The latter reported 9 percent year-over-year growth in the fourth quarter of 2018 across its fitness trackers, and it aims to keep the momentum going with a bid to draw in the whole family, with kid-friendly and affordable options among its just-announced Fitbit Versa Lite Edition, Fitbit Inspire, Fitbit Inspire HR and Fitbit Ace 2.

When Riiiver launches this fall, it will cost $420, which is a bit more than the usual $250 to $350 range. But Citizen has never shied away from luxury price points, so why start now? Especially if it delivers the customization, automation and other features customers want.

At its booth, the Japanese watch brand fielded ideas, such as remote glucose monitoring and other features that could send patient information to doctors. Or, with its remote trigger functionality, the watch could act as a distress button similar to a Life Alert, but without the geriatric styling. It’s a popular type of feature; Apple Watch introduced fall detection in the latest Series 4 model.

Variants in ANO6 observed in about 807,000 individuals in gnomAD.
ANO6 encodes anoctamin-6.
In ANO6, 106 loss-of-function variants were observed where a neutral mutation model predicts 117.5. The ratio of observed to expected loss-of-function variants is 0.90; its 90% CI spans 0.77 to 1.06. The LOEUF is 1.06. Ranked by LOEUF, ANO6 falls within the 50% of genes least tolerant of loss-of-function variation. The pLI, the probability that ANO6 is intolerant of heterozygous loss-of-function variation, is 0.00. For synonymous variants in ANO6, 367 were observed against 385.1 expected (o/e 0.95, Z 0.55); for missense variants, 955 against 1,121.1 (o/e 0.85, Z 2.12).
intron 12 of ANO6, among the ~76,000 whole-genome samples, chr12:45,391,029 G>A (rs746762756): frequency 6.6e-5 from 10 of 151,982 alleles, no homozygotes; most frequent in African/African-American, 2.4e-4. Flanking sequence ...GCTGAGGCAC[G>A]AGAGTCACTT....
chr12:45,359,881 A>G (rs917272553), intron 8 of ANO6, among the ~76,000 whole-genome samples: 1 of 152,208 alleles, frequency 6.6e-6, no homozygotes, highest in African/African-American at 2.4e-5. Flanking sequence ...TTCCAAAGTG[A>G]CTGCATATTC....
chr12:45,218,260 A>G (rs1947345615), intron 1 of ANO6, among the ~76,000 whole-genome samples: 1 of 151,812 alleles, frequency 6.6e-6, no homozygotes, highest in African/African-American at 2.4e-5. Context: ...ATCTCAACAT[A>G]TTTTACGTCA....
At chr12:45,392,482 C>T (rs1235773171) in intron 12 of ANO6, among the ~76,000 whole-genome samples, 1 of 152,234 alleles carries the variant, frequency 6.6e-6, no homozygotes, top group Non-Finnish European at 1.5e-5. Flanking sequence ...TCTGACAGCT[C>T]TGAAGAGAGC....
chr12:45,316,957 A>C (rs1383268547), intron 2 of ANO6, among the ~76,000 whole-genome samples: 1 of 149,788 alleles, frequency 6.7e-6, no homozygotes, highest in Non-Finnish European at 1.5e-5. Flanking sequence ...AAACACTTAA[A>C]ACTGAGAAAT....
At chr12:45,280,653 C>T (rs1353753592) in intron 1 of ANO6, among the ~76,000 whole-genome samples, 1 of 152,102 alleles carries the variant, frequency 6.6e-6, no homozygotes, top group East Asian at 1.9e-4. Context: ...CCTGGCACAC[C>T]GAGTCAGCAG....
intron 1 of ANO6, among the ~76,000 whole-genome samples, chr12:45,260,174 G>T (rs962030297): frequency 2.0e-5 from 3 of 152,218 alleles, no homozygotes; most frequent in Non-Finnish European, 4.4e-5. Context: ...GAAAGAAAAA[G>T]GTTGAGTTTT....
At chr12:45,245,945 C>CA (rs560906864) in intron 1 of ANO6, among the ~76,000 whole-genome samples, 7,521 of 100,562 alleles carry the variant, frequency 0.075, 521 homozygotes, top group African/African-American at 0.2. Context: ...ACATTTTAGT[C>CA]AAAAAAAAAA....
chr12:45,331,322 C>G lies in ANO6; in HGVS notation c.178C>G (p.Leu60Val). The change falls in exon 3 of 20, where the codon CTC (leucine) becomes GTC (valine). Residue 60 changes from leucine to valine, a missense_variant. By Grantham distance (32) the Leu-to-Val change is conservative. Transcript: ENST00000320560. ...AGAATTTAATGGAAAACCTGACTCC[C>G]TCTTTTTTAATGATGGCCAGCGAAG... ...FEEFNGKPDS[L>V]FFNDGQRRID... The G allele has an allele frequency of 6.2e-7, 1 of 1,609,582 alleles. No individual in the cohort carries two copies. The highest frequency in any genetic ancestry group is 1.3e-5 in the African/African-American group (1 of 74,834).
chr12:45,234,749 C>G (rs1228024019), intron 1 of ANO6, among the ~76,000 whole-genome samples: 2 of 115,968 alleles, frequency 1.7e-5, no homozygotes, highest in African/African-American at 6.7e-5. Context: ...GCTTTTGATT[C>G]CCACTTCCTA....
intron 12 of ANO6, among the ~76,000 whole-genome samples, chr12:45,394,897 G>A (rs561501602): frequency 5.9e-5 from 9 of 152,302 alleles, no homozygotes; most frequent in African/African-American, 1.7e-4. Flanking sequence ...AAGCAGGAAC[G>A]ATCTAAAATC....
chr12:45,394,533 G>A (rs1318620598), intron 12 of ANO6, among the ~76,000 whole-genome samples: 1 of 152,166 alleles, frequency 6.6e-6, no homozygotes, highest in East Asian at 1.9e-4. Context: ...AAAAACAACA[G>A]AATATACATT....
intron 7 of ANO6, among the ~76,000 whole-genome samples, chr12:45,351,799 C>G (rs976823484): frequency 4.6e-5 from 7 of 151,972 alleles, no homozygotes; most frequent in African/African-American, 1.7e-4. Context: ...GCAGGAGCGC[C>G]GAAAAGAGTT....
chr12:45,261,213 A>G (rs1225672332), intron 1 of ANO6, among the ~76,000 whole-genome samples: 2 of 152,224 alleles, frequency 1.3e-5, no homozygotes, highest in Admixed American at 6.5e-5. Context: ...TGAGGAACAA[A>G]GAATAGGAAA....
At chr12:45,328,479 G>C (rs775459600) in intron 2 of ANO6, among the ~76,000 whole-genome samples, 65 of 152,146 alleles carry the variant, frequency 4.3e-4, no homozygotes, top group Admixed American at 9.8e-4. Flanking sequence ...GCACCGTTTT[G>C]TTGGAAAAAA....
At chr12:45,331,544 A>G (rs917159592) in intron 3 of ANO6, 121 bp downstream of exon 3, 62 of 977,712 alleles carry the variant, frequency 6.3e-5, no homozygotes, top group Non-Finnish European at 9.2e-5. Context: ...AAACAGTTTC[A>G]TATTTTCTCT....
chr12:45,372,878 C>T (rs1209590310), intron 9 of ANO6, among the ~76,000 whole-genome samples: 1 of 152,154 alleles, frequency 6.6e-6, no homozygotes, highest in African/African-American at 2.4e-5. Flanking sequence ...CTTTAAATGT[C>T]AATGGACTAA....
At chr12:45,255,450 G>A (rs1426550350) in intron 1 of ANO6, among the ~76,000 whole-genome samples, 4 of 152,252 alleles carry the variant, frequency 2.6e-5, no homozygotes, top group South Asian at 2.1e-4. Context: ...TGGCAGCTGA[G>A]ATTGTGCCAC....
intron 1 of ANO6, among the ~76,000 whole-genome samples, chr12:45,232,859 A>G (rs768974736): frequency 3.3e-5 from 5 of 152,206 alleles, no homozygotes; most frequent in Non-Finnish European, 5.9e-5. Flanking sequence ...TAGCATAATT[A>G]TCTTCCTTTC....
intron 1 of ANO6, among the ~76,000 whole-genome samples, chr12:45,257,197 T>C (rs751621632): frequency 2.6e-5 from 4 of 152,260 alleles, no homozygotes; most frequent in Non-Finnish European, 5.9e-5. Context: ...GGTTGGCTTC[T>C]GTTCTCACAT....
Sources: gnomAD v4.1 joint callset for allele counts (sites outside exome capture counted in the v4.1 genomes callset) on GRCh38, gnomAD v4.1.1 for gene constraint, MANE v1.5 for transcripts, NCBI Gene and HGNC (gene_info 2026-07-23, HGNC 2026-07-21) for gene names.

Citizen may be dipping a toe, or an arm, in IoT development, but as a watch company that goes back to 1918, it has had generations of feedback from watch-wearing customers. And if there’s one thing the brand knows, it’s that most smartwatch-makers are getting one fundamental thing wrong — battery life.

The brand has already integrated Eco-Drive solar-powered battery technology in some of its watches. It also has brought it to Riiiver, and here, Eco-Drive practically laughs at the one to two days of typical smartwatch longevity. According to a spokeswoman, five to six hours in sunlight per month should be enough to keep the device humming along.

Battery savings is one reason the company chose an analog dial, since touchscreen displays can be energy hogs. The other is a product and technical design choice.

With a limited set of things those physical hands can do, Citizen is going for elegant — but purposeful — simplicity. It believes that’s something consumers will want to get their arms around.